Monday, August 13, 2018

Won't You Be My Neighbor? (2018)

Full disclosure and true confession: I was nearly 13 when the first Mister Rogers' Neighborhood aired in Pittsburgh in February 1968. Because the show was generally intended for children around ages 2 to 5, perhaps up to 8, even by the time I'd heard of it I had no interest in it. It was for babies. Down the line, when Sesame Street and Electric Company came along and grew popular I looked in at them all out of curiosity. By then I was maybe 21? Mister Rogers' Neighborhood was the one I liked least, and honestly, something about Rogers's immaculate imperturbability gave me the willies. He was hard to watch. I experienced some of that again in about the first quarter of this remarkable picture by veteran documentary producer / director Morgan Neville (Best of Enemies, 20 Feet From Stardom). Fred Rogers is so matter-of-fact about looking square into the camera and saying things like he wants to be your friend and he likes you just the way you are, that it makes me squirm, still. In fact, as the movie went along, I started to realize he actually has quite a bit in common with Jonathan Richman, the eccentric singer-songwriter who abandoned an amazing rock band 40 years ago to go his own way, writing songs like no one else writes about summer sadness, dancing in lesbian bars, and Vermeer. The affect presented to the world by both Rogers and Richman is so open, naïve, and sincere that it's hard not to wonder about things like mental illness. There's a great clip here from the old Tomorrow show with Tom Snyder where Snyder tries to pierce the facade and finds that's all there is. What you see is what you get with Fred Rogers. Clue: He's not the one we have to worry about being mentally ill. Our cynicism and other psychic poisons make us mean and suspicious, and the hardest thing to see and understand at all is just that. Rogers flew right at questions like "am I a mistake?" and issues like death, divorce, disability, loneliness, rejection. This movie is full of absolutely fearless moments from his TV show and it is uncanny what he produced. Two days after the assassination of Robert Kennedy, for example, Rogers went on the air with a segment where his Daniel puppet suddenly asks, "What does assassination mean?" It is a moment that only deepens into itself. Somehow it captures the shock and the grief of the time. The immediate response, even more than 50 years later, is palpable relief that a taboo subject has at last come into the open. There is a kind of catching the breath for what happens next (the cynic in me also wants to call attention to what great TV it is, even or especially in our reality TV era). I never knew Rogers was an ordained Presbyterian minister—a non-flaunting Christian, the best kind. And one thing that everyone seems to agree on about this fellow is that the more you know about him the more you respect and love him. All it took for me was the hour and a half of this amazing documentary.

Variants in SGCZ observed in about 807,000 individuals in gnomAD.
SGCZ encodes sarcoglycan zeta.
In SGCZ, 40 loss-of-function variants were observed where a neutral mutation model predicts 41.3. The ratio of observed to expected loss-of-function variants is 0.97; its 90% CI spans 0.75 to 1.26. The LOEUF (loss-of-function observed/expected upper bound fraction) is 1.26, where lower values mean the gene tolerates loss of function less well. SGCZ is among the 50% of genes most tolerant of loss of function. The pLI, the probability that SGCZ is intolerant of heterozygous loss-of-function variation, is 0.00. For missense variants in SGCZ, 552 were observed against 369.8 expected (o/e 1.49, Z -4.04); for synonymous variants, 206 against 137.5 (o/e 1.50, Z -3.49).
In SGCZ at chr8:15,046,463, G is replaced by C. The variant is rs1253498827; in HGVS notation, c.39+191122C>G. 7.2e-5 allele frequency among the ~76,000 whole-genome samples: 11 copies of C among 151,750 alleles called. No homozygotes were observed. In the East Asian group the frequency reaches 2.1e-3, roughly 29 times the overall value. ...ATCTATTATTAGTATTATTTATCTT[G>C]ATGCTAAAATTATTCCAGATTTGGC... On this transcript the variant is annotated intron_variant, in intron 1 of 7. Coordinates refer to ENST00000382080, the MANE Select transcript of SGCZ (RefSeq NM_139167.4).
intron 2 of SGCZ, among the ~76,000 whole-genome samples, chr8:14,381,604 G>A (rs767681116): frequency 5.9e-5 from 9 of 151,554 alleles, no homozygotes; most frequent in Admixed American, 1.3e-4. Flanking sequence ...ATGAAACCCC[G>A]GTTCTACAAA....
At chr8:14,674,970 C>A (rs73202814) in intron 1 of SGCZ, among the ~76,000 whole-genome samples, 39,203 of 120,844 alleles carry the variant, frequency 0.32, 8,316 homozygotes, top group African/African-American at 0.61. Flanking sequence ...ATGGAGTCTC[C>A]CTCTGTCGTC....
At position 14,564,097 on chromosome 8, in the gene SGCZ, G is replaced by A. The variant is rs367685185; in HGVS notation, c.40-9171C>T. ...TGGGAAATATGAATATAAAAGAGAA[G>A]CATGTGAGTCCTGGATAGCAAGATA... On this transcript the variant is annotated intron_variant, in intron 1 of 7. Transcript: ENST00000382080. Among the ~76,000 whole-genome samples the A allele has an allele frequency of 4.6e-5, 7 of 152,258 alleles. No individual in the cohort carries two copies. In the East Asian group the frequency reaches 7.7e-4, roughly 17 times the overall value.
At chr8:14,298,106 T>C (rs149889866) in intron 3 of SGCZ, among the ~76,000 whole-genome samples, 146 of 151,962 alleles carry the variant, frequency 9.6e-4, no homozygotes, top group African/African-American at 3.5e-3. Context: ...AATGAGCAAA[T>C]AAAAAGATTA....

1 comment:

  1. Yay for nice people. May they prosper and multiply. More quickly, please. (Is there an emoji yet for irony?)